"I’m deeply grateful to every person involved in my care – for saving my life." Dr. Pancer
When staff at Markham Stouffville Hospital (MSH)
knew COVID-19 was coming last winter, they were
prepared. Having been at the epicentre of the SARS
outbreak in 2003, they knew how to set up a unit and
create protocols for COVID-19.
“We started thinking of how we could create a
quick visual system to keep track of the COVID-19
patients in the Intensive Care Unit (ICU),” recalls
Dr. Subarna Thirugnanam, Intensivist lead at
MSH. “We decided to use a big whiteboard in the
Nobody at MSH expected Dr. Larry Pancer to be the
first name on it.
Dr. Pancer, a beloved paediatrician, had worked at
MSH for more than three decades. Now, at 65, Dr.
Pancer desperately needed the help of his colleagues
to save his life.
“I had a cough, shortness of breath and chest pain,”
Dr. Pancer recalls. “I went to MSH and a CAT scan
showed pneumonia consistent with COVID-19.”
Despite receiving the best possible care, Dr. Pancer
kept getting worse. After a couple of days in the
hospital, his fever shot up to 104 degrees. His blood
pressure was unstable and would plummet.
Dr. Pancer’s care team moved him to the ICU and
then made the difficult decision to put him on a
ventilator. He was MSH’s first intubated
“I explained to him what it would be like, even
though he already knew,” says Dr. Thirugnanam.
“He looked at me and said, ‘So am I going to make
it?’ He was very sad, very scared. He was looking
forward to the birth of two grandkids, and he
knew that once he was under, he might never come
It took 12 people to do Dr. Pancer’s intubation.
“We huddled beforehand to go over everyone’s
role and play out disaster scenarios,” explains
Dr. Thirugnanam. “I went into Dr. Pancer’s room,
covered head to toe in PPE. I held his hand and said,
‘I know this is scary, we’re going to do everything
we can to get you better. You’re very well loved.’”
That compassion and confidence – which our amazing
MSH Heroes provide to every patient – meant the
world to Dr. Pancer. “Dr. Thirugnanam was very
caring and knowledgeable,” he recalls. “I remember
there were dozens of people involved in my care
– everyone from doctors to nurses, to nutrition
specialists, to housekeeping and support staff.”
Meanwhile, as Dr. Thirugnanam and her team
worked tirelessly to save their beloved colleague,
other COVID-19 patients were flooding the ICU.
They were also in urgent need of lifesaving care.
“Our hospital got hit so hard early on,” says
Dr. Thirugnanam. “We added Dr. Pancer to the
whiteboard on a Tuesday. By Saturday, there were
close to 50 names, and we were looking for a second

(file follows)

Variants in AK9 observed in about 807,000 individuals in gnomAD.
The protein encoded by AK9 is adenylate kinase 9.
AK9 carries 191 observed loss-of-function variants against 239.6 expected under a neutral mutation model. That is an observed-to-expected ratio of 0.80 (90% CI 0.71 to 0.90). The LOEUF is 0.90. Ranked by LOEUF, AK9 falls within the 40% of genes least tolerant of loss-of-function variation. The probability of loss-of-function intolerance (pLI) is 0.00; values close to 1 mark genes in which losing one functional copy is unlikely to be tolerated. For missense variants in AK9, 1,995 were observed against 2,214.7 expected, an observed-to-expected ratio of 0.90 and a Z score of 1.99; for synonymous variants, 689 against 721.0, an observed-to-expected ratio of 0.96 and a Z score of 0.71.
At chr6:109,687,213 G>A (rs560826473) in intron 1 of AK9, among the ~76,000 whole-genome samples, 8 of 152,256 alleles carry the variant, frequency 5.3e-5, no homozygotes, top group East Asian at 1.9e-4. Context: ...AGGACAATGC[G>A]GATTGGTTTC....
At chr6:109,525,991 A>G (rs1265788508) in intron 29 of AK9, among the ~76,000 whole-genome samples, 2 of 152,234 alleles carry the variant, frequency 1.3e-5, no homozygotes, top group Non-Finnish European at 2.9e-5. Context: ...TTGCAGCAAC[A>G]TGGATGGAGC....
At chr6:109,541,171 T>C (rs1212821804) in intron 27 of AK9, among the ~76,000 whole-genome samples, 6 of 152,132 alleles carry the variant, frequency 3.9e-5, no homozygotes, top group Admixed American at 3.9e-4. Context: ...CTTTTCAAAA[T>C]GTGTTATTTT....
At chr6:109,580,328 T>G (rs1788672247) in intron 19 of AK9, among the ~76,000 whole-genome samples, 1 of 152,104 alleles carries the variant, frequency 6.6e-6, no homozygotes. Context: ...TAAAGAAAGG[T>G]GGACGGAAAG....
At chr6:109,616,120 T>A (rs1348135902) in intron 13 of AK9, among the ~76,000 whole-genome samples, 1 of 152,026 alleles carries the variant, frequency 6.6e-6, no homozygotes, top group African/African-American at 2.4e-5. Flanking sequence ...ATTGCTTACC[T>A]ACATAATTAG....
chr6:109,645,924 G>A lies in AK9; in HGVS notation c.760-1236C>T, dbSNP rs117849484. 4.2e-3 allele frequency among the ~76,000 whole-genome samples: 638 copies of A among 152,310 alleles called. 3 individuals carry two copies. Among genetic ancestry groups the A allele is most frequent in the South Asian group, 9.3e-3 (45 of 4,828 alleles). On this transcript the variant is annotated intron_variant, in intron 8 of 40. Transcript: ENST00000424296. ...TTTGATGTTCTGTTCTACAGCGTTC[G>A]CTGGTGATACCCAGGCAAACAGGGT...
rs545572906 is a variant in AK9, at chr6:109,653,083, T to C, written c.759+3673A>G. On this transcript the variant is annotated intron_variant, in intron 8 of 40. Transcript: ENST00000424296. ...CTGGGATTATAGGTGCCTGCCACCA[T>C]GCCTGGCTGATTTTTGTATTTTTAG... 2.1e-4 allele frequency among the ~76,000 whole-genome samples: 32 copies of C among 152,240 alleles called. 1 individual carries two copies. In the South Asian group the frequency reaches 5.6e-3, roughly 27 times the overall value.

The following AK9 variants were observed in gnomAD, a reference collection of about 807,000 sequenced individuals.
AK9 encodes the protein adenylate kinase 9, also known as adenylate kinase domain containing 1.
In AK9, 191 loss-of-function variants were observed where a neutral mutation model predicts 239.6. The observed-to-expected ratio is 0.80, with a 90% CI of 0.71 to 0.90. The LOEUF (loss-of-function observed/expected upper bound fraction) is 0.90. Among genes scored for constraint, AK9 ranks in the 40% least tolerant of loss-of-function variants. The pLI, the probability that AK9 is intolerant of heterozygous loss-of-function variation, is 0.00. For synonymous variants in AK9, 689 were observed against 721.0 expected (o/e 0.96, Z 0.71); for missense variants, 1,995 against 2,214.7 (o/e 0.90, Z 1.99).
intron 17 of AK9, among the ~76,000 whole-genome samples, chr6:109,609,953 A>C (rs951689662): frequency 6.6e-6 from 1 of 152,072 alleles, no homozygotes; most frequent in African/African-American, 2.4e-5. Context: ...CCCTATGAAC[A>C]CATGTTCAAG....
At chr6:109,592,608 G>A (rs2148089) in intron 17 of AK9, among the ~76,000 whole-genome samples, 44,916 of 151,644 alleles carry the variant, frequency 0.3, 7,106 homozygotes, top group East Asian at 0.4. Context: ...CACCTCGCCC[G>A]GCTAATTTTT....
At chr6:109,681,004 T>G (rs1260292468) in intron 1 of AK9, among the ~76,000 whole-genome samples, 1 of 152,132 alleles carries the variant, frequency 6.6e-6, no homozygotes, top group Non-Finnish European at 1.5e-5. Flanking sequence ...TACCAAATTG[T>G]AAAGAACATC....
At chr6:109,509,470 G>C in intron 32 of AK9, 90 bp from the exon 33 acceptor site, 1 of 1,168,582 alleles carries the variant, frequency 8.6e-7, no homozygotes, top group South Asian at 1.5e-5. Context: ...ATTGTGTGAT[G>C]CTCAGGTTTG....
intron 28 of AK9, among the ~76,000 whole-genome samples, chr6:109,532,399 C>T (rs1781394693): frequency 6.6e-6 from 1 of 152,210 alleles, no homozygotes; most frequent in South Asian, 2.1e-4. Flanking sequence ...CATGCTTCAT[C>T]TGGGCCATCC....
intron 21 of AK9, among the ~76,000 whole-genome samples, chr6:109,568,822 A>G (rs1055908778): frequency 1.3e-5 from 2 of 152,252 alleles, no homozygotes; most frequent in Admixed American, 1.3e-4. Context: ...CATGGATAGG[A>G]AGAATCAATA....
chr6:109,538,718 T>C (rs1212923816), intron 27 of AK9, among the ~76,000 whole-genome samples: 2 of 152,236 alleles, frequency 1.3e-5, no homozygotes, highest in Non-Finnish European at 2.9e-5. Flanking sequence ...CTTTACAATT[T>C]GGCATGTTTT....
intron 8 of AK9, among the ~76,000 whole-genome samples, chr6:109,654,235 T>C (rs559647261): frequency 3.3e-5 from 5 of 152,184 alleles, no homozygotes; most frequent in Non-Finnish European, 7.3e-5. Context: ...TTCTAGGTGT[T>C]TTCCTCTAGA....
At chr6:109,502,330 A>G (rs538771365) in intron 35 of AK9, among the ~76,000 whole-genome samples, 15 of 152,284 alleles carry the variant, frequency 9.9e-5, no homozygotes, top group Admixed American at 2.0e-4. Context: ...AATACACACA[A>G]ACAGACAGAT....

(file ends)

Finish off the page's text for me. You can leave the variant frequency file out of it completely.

board. At our peak, the hospital was treating 78
COVID-19 patients at once.”
And, while our incredible frontline health care
workers were doing everything in their power to
care for the sickest patients in the hospital, our
community let us know how much they appreciated
it. To this day, all of us at MSH are humbled
and grateful for your generosity during the most
challenging time in our history.
After 17 days on the ventilator, Dr. Pancer woke up.
“When they wheeled me through the ICU, there were
so many people applauding with tears in their eyes,”
he remembers. “I had no idea how sick I’d been
until I saw how emotional it made them to see me
recover. Physicians care a lot about their patients.
They worked so hard on my behalf and it wasn’t
because I was a colleague. It’s because our culture at
MSH is to try your absolute best to do what’s right
for every patient.”
Your support helps our MSH Heroes go that extra
mile for every patient, regardless of what brings
them to MSH. Because you give, they have access to
the equipment they need to do their job to the best of
“I’m deeply grateful to every person involved in my
care – for saving my life,” says Dr. Pancer. “And
I’m equally grateful to the donors. As a physician,
I know firsthand how vital donor support is to the
quality of care we can offer.”
Dr. Pancer spent a week in rehab at MSH, working
on walking, swallowing and speaking. Today, he
still gets short of breath easily but he’s back to living
his life – walking his dogs, as well as back working
part-time at a clinic. Best of all, he’s enjoying every
minute of being a new grandfather.
“My grandson, Luke, was born in July, and my
granddaughter, Violet, three weeks later,” he says.
“The first half of 2020 couldn’t have been worse. The
second half couldn’t have been better.”
Some parts of this story including quotes originally appeared in Toronto Life, September 17, 2020, Life and Death in the ICU, by OMAR MOUALLEM.